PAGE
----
Do the Pennsylvania Unfair Trade Practices and Consumer Protection Laws Apply to Real Estate Transactions?
In almost every lawsuit involving an undisclosed condition in real estate, in addition to the claims of breach of contract, violation of the Seller’s Disclosure Act and fraud, the attorneys filing the suit will include a claim under Pennsylvania’s Unfair Trade Practices and Consumer Protection Law (UTPCPL) 73 P.S. § 201 et seq. Historically, the impact was not very significant as a claim under the UTPCPL required a showing of common law fraud. Even without a UTPCPL claim, the Plaintiff would still be able to pursue a claim for punitive damages under a common law fraud theory. However, recently in Bennett v. A.T. Masterpiece Homes, 2012 Pa.Super 60 (2012) the Superior Court held that amendments to the UTPCPL eliminated the requirement of showing common law fraud thus making the UTPCPL a broader remedy than allowed under a common law fraud theory. Now, instead of having to show a real estate agent made a misrepresentation, the Plaintiff need only prove that the actions of the agent could have resulted in an erroneous conclusion by a real estate buyer. The expansion of the scope of conduct which would lead to a violation of the UTPCPL along with the provisions for treble damages and attorneys fees make an UTPCPL claim a significant weapon in claims against real estate agents.
A casual reading of Pennsylvania Superior Court decisions would lead one to conclude that the assertion of an UTPCPL claim is proper. In Gabriel v. O'Hara, 368 Pa.Super. 383, 534 A.2d 488 (1987) the Pennsylvania Superior Court permitted the Plaintiffs to amend their complaint to include a claim under the Unfair Trade Practices and Consumer Protection Laws based upon alleged fraudulent practices during a real estate transaction. This opinion has been often cited in cases discussing the application of the UTPCPL to real estate transactions. Based on this caselaw, it would appear that the issue had been settled.
The Pennsylvania Supreme Court, though, has indicated that it disagrees with the result in Gabriel. In Schwartz v. Rockey, 593 Pa. 536, 556 (Pa. 2007), a case addressing the legal standard under which treble damages should be awarded, the Supreme Court volunteered the following observation in a footnote of the opinion:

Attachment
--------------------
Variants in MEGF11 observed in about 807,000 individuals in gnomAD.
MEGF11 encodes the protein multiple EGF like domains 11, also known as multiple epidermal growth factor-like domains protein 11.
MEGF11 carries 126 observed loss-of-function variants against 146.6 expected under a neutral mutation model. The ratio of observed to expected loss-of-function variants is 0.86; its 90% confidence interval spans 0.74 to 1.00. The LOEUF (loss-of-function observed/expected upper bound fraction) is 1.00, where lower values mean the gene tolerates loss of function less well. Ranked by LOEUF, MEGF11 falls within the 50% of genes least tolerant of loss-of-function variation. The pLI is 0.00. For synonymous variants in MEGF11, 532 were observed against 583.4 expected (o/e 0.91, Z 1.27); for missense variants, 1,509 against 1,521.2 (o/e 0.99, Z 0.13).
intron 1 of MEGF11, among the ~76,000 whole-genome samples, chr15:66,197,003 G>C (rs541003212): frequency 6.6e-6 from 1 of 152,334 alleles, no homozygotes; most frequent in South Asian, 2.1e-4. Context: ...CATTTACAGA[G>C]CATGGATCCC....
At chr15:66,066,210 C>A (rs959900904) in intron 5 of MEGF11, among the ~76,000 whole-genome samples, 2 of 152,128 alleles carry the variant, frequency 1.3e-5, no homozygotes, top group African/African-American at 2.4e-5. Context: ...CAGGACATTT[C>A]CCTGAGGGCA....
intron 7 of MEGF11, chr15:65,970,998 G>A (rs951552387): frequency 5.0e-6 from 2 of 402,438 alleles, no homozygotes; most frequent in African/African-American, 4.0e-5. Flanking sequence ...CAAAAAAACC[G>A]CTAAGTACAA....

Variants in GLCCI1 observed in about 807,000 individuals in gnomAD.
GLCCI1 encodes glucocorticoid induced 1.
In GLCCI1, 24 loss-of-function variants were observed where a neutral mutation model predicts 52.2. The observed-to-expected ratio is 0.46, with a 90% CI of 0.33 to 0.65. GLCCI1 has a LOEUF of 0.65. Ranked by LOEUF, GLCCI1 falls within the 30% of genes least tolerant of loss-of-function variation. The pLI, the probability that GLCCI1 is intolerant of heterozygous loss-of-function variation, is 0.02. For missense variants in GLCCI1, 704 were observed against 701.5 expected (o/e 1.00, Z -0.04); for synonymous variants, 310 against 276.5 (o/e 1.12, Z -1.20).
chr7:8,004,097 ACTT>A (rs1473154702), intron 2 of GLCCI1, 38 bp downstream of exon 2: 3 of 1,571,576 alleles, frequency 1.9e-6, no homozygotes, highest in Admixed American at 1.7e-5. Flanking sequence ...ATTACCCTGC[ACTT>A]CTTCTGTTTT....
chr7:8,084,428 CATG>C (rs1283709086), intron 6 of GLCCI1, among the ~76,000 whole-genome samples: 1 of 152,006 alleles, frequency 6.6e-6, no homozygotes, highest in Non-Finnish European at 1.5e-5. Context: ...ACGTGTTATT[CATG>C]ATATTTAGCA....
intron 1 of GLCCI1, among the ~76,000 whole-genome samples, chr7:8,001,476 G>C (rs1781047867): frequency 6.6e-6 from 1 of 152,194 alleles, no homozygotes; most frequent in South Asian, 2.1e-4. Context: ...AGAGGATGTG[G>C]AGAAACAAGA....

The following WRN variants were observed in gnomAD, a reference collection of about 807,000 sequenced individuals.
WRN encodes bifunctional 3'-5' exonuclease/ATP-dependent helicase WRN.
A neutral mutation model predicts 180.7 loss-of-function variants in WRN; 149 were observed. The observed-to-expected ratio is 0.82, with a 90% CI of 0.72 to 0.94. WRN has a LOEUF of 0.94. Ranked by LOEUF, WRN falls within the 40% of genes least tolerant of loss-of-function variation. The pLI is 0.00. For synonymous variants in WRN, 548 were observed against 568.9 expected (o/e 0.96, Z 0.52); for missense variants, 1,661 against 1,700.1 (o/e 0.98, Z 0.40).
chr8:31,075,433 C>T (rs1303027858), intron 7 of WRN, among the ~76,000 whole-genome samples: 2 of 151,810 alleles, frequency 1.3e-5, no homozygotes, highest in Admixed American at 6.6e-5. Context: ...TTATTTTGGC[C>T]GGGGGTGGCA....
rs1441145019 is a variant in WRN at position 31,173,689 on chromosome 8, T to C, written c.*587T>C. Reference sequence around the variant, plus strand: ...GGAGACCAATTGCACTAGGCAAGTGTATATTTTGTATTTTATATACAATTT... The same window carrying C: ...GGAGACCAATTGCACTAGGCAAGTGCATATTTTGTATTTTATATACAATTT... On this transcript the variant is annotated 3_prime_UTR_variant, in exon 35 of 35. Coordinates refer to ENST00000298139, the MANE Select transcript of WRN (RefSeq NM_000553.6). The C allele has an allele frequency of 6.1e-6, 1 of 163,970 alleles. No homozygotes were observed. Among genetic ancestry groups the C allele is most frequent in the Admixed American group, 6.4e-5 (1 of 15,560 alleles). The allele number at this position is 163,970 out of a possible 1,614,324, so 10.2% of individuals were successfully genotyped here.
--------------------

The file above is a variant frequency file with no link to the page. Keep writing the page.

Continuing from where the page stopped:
n15 There is no issue presented in this limited appeal concerning Buyers' standing to invoke this statute, since they are complaining of loss in connection with their purchase of real property, as opposed to the purchase or lease of "goods or services" to which the statute facially pertains. 73 P.S. §201-9.2. Parenthetically, the Superior Court has held, based on policy considerations, that the private-right-of-action provision of the UTPCPL extends to real estate transactions, see Gabriel v. O'Hara, 368 Pa. Super. 383, 388-92, 534 A.2d 488, 491-93 (1987), although such decision has been subject to critical commentary as being inconsistent with the plain terms of the statute. See, e.g., James P. Nehf, Textualism in the Lower Courts: Lessons From Judges Interpreting Consumer Legislation, 26 RUTGERS L.J. 1, 61 n.229(1994).
A careful analysis of the actual opinions in the underlying cases indicates that the question of whether the provisions providing for a private cause of action apply to real estate transactions should still be an open question under Pennsylvania law. First, the Superior Court in Gabriel did not rely upon the private right of action under the UTPCPL when issuing its opinion. It cited to the private right of action created by the Cash Consumer Protection Act, 73 P.S. § 204 et seq. The various other cases can also be distinguished on the basis that the parties either did not contest the issue or the court found that the UTPCPL did not apply for other reasons. In addition, since the last revisions to the UTPCPL were adopted by the same legislative body that adopted the Sellers Disclosure Laws, principles of statutory construction would also support the observation by the Supreme Court that the private cause of action under the UTPCPL does not apply to real estate transactions.